“You have to make a lot of decisions by the seat of your pants because you have to respond to issues right now, right now, not later,” said Charlyn Griffith-Oro, a longtime community organizer.
She said her family was evicted from their home inside of a co-op over a maintenance dispute just days before the city’s moratorium on evictions was put in place.
While they have some savings, she said housing insecurity means you must spend more on everything from shelter to food and more.
“We really need to talk about how expensive it is to be helpless,” she said. “We had to spend $1,000 for an Airbnb for two weeks. Our rent was $1,100.”
“The moratorium from the courts was very important, but unfortunately, it was only one piece of the puzzle,” said Rachel Garland, an attorney who works in the housing unit for Community Legal Services.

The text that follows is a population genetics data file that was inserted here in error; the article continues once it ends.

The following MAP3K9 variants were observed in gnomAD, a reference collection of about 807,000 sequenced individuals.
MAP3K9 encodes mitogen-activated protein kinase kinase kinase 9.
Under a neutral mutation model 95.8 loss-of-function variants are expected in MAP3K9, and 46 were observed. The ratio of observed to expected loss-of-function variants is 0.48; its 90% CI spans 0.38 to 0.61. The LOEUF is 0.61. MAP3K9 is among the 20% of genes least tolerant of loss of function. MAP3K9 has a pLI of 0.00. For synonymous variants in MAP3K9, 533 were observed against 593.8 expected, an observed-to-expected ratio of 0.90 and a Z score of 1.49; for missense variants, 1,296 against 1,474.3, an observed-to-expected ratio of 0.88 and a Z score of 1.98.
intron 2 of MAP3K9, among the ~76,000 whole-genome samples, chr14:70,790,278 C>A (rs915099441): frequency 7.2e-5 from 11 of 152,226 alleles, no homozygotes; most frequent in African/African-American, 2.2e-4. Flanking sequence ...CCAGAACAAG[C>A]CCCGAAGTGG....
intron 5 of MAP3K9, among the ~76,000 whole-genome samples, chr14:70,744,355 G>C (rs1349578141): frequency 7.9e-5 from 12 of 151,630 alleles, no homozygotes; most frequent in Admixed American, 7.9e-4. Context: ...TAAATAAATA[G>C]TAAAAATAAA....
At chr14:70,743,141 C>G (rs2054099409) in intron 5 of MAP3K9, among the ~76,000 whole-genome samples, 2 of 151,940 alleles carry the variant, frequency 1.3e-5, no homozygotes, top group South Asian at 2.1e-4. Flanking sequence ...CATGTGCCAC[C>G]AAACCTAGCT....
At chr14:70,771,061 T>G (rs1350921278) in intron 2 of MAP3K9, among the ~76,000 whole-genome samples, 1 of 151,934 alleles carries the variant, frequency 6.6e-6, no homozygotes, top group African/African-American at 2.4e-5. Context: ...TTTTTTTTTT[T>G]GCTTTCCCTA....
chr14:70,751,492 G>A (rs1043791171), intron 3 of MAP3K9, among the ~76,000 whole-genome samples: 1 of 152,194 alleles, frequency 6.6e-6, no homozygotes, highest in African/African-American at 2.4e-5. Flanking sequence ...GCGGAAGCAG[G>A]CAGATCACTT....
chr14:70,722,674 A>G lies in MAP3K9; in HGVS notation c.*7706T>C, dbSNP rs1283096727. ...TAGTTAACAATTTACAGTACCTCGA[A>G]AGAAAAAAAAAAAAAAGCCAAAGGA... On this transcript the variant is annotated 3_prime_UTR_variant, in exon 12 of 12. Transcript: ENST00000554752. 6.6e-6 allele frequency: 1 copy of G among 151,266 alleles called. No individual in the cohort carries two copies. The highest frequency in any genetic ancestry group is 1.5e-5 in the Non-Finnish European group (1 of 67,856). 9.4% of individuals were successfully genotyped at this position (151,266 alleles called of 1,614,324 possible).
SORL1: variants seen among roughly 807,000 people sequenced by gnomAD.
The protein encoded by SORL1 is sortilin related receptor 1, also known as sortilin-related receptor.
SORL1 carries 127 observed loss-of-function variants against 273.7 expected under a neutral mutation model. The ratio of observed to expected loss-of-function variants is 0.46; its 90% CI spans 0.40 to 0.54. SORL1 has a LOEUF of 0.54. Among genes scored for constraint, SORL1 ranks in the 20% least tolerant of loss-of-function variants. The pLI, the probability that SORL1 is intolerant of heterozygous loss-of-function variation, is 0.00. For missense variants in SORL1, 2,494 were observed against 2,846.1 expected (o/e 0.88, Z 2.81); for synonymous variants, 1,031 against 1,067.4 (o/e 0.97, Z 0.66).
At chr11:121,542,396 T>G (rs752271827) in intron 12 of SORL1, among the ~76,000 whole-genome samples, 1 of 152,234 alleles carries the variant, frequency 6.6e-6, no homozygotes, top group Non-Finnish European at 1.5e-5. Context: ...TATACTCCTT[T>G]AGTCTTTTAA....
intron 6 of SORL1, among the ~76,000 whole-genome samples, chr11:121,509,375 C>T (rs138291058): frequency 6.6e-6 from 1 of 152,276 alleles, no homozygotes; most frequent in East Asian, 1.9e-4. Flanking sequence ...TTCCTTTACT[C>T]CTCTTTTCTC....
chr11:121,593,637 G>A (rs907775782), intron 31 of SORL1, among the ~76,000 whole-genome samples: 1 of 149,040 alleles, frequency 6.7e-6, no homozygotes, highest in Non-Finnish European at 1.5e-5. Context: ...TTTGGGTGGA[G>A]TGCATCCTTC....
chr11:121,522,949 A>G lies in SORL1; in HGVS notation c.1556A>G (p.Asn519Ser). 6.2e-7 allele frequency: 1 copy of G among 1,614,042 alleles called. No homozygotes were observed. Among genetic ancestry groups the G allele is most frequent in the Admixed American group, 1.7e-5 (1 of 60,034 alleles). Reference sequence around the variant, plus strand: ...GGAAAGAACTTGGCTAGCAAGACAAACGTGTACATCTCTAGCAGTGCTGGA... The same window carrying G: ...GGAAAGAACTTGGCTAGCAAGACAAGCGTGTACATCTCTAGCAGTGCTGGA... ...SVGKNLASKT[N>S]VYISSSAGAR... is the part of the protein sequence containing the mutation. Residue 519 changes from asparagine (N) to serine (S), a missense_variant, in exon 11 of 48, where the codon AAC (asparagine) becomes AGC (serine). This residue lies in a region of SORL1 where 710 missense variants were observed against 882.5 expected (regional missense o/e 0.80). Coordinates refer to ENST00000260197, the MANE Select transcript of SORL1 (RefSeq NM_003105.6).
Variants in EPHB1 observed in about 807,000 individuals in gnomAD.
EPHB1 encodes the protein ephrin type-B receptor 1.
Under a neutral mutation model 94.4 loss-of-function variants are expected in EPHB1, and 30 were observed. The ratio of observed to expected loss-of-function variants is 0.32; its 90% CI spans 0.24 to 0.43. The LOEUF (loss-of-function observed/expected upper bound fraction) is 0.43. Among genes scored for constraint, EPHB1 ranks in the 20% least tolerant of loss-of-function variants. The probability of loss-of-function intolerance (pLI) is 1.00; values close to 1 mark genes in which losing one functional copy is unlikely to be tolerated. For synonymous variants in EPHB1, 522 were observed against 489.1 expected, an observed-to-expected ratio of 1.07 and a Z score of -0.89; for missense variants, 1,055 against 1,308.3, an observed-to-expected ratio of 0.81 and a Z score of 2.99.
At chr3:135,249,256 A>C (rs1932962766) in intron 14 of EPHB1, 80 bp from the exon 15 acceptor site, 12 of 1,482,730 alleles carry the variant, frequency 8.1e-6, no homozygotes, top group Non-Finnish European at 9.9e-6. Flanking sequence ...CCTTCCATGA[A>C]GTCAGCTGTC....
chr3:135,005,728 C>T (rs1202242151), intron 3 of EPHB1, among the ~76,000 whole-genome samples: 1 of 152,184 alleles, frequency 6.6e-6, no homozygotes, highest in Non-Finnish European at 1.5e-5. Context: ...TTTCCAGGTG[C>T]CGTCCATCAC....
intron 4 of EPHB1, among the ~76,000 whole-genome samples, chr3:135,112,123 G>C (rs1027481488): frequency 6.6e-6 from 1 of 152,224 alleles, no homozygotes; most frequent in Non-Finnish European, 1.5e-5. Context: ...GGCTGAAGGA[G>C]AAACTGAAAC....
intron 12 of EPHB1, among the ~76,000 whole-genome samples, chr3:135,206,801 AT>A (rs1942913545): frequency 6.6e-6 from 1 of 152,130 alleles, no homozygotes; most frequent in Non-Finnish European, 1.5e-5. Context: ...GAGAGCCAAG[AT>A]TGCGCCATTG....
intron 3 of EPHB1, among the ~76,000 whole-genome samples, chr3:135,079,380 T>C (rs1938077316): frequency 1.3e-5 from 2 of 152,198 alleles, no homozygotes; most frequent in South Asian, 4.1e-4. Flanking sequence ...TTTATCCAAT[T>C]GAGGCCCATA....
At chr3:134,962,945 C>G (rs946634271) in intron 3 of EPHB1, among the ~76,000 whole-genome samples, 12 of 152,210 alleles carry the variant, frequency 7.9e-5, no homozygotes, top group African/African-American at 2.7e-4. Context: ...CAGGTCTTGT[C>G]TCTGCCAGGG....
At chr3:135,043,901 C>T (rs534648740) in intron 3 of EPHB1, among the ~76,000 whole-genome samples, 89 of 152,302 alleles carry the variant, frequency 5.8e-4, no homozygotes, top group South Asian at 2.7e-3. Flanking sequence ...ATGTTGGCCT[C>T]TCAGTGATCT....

Garland noted that while the Philadelphia courts halnted all evictions on Monday, families looking for stable housing during the coronavirus crisis will have major issues.
“Realtors are closing up shop,” she said, “and landlords may be reluctant to enter new leases with tenants who have an unstable work history, and everyone does not have control over their income right now.”
Garland said the tenant hotline at 267-443-2500 can link families to resources and services.
Montgomery County has also set up a fund to help those in need of rent money so they can avoid evictions.
Meanwhile, Griffith-Oro said the coronavirus health crisis restrictions make it dangerous in some cases for friends and family to take them in, making the problem worse.
“It’s surreal. It’s surreal. It really puts you in a survival mode,” she said, “even when you have support and people around you who support you.”
She and her family started a GoFundMe to pay for a permanent housing solution.